Kyushu University Academic Staff Educational and Research Activities Database
List of Papers
TANAKA Mari Last modified date:2024.03.19

Professor / Division for Experimental Natural Science / Faculty of Arts and Science

1. Susumu Yokota· Mari Tanaka, Less Negative Implicit Attitudes Toward Autism Spectrum Disorder in University Students: A Comparison with Physical Disabilities, Journal of Autism and Developmental Disorders, 10.1007/s10803-022-05749-y, 2022.10.
2. TANAKA Mari, Mothers’ Causal Attibutions for the Behaviour of CHildren with Autism Spectrum Disorder, The Journal of Rehabilitation Psychology, 47, 1, 1-7, 2021.12.
3. TANAKA Mari , Understanding forced smiles in individuals with autism spectrum disorder, Bulletin of Center for Clinical Psychology and Human Development, 12, 35-40, 2021.03.
4. Can online lectures be an effective learning style for students with disabilities?
5. Mari TANAKA, Akiko TAKAHARA, Psychosocial effects of the Great East Japan Earthquake on Persons with Disabilities., The Journal of Rehabilitation Psychology, 46, 1, 25-37, 2021.01.
6. Susume YOKOTA ・Mari TANAKA, The Cognitive Function of Deception in Children with Autism Spectrum Disorder., Journal of Special Education Research, 9(1),1-9., 2020.08.
7. Aikana Ohno ,Mari Tanaka, The effect of kawaii on task performance:Viewing cute images without baby schema, Kyushu University psychological Research, 21, 15-22, 2020.04.
8. University Faculty Members' and Students' Awareness of the Need for Support for Students With Autism Spectrum Disorder Compared to Those With Physical Disabilities.
9. Adjustment of Narrative in Children with Autism Spectrum Disorder.
10. Current status and issues on support for disability students in KIKAN Education, Kyushu University.
11. Tanaka M., Crisis Management and Disaster Prevention System at Special Needs Schools during Great East Japan Earthquake, Journal of Special Education Research., 6, 2, 103-105, 2018.02.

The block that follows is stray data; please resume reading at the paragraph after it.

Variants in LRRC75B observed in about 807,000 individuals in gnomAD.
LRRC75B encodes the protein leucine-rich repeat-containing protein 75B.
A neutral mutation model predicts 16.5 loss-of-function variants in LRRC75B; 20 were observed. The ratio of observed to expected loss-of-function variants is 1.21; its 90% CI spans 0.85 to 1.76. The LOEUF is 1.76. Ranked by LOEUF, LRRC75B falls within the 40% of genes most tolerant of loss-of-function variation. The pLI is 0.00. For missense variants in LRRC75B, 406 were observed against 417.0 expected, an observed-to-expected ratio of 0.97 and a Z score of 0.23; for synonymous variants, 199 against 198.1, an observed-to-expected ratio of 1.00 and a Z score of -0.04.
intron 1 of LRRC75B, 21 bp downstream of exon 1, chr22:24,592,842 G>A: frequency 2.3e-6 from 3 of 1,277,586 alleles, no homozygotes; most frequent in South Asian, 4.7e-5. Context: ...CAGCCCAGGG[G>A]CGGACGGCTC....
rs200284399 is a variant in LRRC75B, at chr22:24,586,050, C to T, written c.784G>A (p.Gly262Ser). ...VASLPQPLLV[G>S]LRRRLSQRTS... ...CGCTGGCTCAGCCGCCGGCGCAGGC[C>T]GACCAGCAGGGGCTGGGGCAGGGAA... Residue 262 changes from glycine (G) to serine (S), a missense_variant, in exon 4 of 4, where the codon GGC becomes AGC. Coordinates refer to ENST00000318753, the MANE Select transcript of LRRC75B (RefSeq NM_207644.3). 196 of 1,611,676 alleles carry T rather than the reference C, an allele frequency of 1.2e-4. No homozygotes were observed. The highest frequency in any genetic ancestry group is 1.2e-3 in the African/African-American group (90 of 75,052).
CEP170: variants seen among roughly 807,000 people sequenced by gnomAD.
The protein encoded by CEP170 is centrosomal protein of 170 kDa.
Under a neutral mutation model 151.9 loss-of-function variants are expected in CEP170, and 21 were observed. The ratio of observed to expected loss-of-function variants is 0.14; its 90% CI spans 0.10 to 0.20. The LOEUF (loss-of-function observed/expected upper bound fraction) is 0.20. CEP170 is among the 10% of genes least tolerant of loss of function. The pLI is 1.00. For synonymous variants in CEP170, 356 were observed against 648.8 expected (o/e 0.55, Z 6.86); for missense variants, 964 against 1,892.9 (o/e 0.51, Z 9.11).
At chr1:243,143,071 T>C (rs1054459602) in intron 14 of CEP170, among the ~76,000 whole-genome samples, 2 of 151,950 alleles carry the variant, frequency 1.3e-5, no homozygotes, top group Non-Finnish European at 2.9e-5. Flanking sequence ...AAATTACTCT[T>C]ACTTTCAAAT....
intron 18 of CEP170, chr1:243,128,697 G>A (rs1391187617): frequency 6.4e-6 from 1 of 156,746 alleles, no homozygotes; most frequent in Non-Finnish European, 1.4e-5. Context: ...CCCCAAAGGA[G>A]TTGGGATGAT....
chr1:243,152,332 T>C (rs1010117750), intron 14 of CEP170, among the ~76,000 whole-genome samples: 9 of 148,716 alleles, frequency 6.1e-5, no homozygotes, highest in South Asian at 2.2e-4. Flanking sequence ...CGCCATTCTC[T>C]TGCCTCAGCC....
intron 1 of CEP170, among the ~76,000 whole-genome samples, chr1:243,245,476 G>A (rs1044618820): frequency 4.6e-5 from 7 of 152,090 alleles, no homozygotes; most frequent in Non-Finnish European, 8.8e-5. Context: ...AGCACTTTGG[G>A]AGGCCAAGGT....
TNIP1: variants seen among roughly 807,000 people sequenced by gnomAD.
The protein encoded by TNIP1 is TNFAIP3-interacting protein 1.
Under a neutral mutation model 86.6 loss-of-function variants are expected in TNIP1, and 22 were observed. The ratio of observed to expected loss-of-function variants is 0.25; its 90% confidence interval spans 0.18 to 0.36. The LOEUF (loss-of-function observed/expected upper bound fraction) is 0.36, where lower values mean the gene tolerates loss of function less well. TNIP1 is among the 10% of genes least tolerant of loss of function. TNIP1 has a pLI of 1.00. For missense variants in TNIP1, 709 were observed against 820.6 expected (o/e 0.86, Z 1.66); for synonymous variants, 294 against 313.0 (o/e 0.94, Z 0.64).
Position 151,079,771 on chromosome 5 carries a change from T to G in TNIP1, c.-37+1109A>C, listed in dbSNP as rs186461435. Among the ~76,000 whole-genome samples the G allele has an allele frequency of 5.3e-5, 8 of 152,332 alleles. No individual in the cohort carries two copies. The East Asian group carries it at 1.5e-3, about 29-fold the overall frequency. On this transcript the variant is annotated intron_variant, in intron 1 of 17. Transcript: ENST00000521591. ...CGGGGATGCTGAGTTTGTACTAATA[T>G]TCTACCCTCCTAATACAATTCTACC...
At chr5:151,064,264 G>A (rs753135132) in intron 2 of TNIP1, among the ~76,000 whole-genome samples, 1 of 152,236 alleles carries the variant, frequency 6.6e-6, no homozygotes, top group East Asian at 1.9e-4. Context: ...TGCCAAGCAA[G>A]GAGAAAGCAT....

12. Susumu Yokota, Yasuyuki Taki, Hiroshi Hashizume, Yuko Sassa, Benjamin Thyreau, TANAKA Mari, Ryuta Kwashima, Neural correlates of deception in social contexts in normally developing children., Frontiers in Human Neuroscience, 17, 2013.05.
13. Yokota Susumu, TANAKA Mari, Development of deceptive behavior in children with Autism Spectrum Disorder., Journal of Special Education Research, 2, 1, 1-9, 2013.04.
14. TANAKA Mari, Japan and Canada’s cooperation in activities supporting disaster area in Japan -The Richmond International Student Program for Japan’s tsunami devastated areas-, Annual Report, Network Center of Education, Graduate School of Education, Tohoku University,, 13, 15-24, 2013.01.
15. TANAKA Mari, Nao NAKAYAMA, Self-cognition in children diagnosed with attention deficit-hyperactivity disorder: Level of awareness in assessment of self as seen by others and the illusion bias. , Graduate School of Education, Tohoku University, 61, 1, 251-259, 2013.01.
16. TANAKA Mari, The psychosocial impact of disaster in persons with developmental disabilities: Experiences from the Great East Japan earthquake., Journal of Policy and Practice in Intellectual Disabilities, 10, 2, 174-174, 2013.01.
17. TANAKA Mari, TAKIYOSHI Michika, Self-Cognition Development and Depressive Symptoms in Japanese Children and Adolescents., Japanese Journal of Child and Adolescent Psychiatry, 52, 41-52, 2012.07.
18. HIROSAWA Mitsuyuki, TANAKA Mari, Development of Unconventional Verbal Behavior in Children With Pervasive Developmental Disorders: Focus on Functions of Unconventional Verbal Behavior., Japanese Journal of Special Education., 45, 6, 513-526, 2008.03.
19. TANAKA Mari, Process of Group Sessions using Psychodramatic Role Playing for Adolescents with High-functioning Pervasive Developmental Disorder, Annual Report, Graduate School of Education, Tohoku University, 57, 1, 289-310, 2008.01.
20. TANAKA Mari, TAKIYOSHI Michika, KI Hyeyong, Self-Cognition Development during Childhood and Puberty in Korea. Annual Report, Graduate School of EducationTohoku University, 55, 2, 165-183, 2007.01.
21. TANAKA Mari, WADA Miho, KOJIMA Mio, A Study of Japanese Version of the Scale for Self-cognition in Childhood and Early Adolescence. , Annual Report, Graduate School of Education, Tohoku University, 54, 1, 315-337, 2005.01.